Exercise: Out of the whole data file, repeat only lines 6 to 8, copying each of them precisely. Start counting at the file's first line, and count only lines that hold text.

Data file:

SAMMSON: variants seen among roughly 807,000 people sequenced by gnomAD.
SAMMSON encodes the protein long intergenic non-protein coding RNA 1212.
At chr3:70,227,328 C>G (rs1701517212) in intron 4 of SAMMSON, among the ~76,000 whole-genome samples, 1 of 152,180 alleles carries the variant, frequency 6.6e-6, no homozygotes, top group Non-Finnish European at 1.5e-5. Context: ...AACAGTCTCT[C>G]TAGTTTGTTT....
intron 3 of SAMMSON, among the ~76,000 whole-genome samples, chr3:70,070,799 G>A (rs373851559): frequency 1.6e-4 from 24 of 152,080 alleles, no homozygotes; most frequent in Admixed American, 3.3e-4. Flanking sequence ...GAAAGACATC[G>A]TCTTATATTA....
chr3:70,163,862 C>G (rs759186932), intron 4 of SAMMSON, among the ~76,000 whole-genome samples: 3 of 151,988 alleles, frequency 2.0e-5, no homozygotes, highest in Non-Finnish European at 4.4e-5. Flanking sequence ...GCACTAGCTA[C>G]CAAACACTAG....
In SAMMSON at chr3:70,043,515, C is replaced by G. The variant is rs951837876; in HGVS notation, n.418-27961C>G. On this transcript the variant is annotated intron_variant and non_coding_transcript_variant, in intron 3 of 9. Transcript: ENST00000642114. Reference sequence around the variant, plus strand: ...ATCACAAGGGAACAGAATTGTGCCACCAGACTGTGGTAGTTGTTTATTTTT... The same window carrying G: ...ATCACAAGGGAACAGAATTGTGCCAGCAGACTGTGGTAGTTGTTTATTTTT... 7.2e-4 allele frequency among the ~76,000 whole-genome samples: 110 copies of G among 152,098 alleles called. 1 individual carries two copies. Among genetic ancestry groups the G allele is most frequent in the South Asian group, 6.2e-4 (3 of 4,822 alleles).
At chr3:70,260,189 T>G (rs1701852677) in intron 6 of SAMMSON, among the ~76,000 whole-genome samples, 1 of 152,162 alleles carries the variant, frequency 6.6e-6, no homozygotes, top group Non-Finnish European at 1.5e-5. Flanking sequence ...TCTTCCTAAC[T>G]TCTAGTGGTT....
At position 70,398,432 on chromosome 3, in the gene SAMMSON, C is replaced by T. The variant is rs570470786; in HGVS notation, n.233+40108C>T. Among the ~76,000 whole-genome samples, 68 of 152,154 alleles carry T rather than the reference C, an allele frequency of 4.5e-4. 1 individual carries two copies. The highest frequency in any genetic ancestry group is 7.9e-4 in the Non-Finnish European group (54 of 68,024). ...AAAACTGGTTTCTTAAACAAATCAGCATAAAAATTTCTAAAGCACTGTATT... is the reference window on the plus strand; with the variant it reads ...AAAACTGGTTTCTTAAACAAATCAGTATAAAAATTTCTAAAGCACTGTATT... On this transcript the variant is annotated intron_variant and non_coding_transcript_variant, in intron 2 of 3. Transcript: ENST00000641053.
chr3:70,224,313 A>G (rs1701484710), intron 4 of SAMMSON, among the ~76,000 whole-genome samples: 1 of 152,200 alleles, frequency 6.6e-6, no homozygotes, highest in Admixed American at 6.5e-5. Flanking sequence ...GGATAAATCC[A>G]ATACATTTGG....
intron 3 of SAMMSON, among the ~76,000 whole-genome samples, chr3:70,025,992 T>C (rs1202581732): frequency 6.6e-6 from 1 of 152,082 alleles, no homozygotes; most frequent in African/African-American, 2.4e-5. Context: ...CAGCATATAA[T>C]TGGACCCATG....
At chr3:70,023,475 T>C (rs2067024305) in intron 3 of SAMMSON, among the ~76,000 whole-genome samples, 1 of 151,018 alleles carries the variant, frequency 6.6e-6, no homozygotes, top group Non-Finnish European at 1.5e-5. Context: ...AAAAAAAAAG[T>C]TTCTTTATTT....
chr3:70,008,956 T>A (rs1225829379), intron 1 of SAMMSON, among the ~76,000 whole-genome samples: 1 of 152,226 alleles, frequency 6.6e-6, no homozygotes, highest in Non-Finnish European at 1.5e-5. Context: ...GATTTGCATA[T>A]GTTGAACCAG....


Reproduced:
In SAMMSON at chr3:70,043,515, C is replaced by G. The variant is rs951837876; in HGVS notation, n.418-27961C>G. On this transcript the variant is annotated intron_variant and non_coding_transcript_variant, in intron 3 of 9. Transcript: ENST00000642114. Reference sequence around the variant, plus strand: ...ATCACAAGGGAACAGAATTGTGCCACCAGACTGTGGTAGTTGTTTATTTTT... The same window carrying G: ...ATCACAAGGGAACAGAATTGTGCCAGCAGACTGTGGTAGTTGTTTATTTTT... 7.2e-4 allele frequency among the ~76,000 whole-genome samples: 110 copies of G among 152,098 alleles called. 1 individual carries two copies. Among genetic ancestry groups the G allele is most frequent in the South Asian group, 6.2e-4 (3 of 4,822 alleles).
At chr3:70,260,189 T>G (rs1701852677) in intron 6 of SAMMSON, among the ~76,000 whole-genome samples, 1 of 152,162 alleles carries the variant, frequency 6.6e-6, no homozygotes, top group Non-Finnish European at 1.5e-5. Flanking sequence ...TCTTCCTAAC[T>G]TCTAGTGGTT....
At position 70,398,432 on chromosome 3, in the gene SAMMSON, C is replaced by T. The variant is rs570470786; in HGVS notation, n.233+40108C>T. Among the ~76,000 whole-genome samples, 68 of 152,154 alleles carry T rather than the reference C, an allele frequency of 4.5e-4. 1 individual carries two copies. The highest frequency in any genetic ancestry group is 7.9e-4 in the Non-Finnish European group (54 of 68,024). ...AAAACTGGTTTCTTAAACAAATCAGCATAAAAATTTCTAAAGCACTGTATT... is the reference window on the plus strand; with the variant it reads ...AAAACTGGTTTCTTAAACAAATCAGTATAAAAATTTCTAAAGCACTGTATT... On this transcript the variant is annotated intron_variant and non_coding_transcript_variant, in intron 2 of 3. Transcript: ENST00000641053.